Reports of a shooting in a Pismo Beach home on Friday afternoon turned out to be false, according to the Pismo Beach Police Department.
A man called Pismo Beach police about 2:34 p.m. Friday and told them he had shot his girlfriend and had his daughter inside a home on the 100 block of Wave Avenue, police Cmdr. Tom Portz said.
However, when officers arrived at the scene, they found a family of three inside the home with no shooting situation underway, Portz said.
Police are attempting to determine who placed the call, and whether it was a “swatting” incident in which emergency services are deceived into sending authorities to another person’s address.
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“The man who called said that he shot his girlfriend and had his daughter inside, and it sounded like a murder situation,” Portz said.
Portz said police from multiple South County agencies surrounded the home, believing it was a live shooting situation.
Police also barricaded Wave Avenue and a few blocks along Highland Drive for about an hour.
Portz said Pismo Beach police will be investigating who made the call. It’s a crime to make a false report to police, he said, and the person would be arrested if caught.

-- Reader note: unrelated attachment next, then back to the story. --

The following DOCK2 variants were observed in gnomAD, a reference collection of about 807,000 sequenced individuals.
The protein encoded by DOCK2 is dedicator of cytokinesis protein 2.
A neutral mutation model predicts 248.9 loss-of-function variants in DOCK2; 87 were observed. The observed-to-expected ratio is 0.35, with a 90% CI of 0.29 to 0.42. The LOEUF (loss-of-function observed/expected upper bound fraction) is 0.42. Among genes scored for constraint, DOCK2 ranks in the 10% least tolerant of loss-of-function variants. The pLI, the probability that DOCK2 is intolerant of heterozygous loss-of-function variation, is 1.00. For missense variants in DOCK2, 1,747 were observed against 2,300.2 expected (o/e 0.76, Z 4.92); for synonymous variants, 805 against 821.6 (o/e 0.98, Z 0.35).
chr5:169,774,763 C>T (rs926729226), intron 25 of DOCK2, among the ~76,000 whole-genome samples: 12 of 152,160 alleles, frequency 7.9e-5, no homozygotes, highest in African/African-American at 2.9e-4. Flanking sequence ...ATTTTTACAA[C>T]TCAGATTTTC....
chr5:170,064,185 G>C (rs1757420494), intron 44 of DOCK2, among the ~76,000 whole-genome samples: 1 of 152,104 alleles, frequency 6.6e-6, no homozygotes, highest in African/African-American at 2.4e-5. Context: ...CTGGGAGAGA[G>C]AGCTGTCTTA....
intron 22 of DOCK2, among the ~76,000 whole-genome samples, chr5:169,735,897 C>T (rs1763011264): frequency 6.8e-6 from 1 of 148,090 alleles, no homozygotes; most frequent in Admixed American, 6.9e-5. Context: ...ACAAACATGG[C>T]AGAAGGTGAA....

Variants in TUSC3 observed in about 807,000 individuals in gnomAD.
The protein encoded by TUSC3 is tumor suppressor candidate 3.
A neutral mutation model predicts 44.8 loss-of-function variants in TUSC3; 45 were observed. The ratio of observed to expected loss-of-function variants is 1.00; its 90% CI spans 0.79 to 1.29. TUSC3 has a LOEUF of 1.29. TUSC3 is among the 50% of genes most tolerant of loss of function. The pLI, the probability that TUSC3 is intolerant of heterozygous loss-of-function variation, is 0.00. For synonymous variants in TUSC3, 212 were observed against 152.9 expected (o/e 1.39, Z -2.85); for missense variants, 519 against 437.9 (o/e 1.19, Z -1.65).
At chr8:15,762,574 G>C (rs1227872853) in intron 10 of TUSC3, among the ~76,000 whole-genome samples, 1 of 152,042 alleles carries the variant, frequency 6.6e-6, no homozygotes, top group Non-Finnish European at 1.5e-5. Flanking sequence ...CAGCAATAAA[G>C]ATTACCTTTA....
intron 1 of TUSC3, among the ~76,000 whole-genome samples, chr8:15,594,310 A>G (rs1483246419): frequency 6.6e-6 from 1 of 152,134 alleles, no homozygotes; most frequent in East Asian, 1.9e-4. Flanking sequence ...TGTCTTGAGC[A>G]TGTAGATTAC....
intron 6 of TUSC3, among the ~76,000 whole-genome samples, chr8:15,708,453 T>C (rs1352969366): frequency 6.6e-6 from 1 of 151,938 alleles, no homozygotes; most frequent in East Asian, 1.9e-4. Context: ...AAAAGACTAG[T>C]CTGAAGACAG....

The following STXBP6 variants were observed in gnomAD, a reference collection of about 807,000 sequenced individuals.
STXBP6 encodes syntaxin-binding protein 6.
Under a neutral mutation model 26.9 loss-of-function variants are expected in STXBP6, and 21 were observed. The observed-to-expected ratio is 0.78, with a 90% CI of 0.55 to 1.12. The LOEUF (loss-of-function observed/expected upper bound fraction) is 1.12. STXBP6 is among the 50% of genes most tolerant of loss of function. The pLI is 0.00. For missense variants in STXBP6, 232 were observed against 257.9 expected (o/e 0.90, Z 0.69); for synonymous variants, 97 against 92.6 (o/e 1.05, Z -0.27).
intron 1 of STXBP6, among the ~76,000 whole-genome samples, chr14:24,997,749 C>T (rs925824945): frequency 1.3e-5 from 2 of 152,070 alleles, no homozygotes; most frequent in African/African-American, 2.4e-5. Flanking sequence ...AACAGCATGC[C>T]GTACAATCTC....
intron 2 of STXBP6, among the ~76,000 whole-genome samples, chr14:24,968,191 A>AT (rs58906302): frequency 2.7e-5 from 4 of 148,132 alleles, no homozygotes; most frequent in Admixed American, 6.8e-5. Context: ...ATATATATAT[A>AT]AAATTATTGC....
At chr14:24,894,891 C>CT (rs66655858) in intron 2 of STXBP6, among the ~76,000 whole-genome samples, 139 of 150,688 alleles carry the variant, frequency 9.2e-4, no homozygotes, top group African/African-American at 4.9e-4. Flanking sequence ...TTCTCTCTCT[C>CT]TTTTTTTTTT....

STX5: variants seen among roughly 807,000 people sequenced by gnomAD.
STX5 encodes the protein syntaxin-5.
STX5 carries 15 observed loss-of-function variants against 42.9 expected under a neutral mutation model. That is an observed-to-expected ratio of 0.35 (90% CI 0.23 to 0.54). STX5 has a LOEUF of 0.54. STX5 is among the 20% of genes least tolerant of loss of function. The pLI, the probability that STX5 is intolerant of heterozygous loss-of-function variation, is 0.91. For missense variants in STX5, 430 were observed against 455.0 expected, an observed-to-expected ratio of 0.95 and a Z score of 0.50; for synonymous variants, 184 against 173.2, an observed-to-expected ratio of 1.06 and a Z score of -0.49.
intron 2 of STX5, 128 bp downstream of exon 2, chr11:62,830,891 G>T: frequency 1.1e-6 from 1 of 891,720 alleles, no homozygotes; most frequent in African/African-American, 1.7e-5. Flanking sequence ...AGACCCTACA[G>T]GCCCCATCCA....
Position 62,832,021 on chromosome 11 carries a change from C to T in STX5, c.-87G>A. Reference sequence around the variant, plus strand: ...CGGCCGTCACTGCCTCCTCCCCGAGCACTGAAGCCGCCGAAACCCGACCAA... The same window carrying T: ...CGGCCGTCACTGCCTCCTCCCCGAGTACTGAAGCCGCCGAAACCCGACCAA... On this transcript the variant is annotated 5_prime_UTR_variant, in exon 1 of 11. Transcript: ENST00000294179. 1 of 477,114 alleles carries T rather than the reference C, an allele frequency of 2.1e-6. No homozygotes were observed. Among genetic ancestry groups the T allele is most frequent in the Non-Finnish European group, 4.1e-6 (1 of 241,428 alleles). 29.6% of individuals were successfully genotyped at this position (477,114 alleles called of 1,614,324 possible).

“It was a blocked caller ID, but we have our ways of tracking the call,” Portz said.
Portz said the residents inside the home at the time — two adults and a minor — were “surprised” and shaken up by the incident.
Police cautiously approached the home, and spoke with a man who was outside the residence and unaware of what was going on.
“Once we were able to talk to him, we had a pretty good idea it was a false alarm,” Portz said.
Swatting incidents have resulted in police shooting people inside homes, believing that an active shooter is inside.
In 2017, police fatally shot a Witchita, Kansas, man, Andrew Finch, after responding to a hoax 911 call from California about a shooting and kidnapping at Finch’s home.
In November 2018, Los Angeles resident Tyler Barris pleaded guilty to 51 federal charges related to fake calls and threats — including the false report that led to Finch’s death, which reportedly resulted from an online gaming dispute. Multiple past swatting incidents have been associated with gaming and e-sports communities as a form of retaliation and intimidation.
It remains unclear if that was the reason for the call that sparked Friday’s incident in Pismo Beach.
“We just don’t know yet,” Portz said.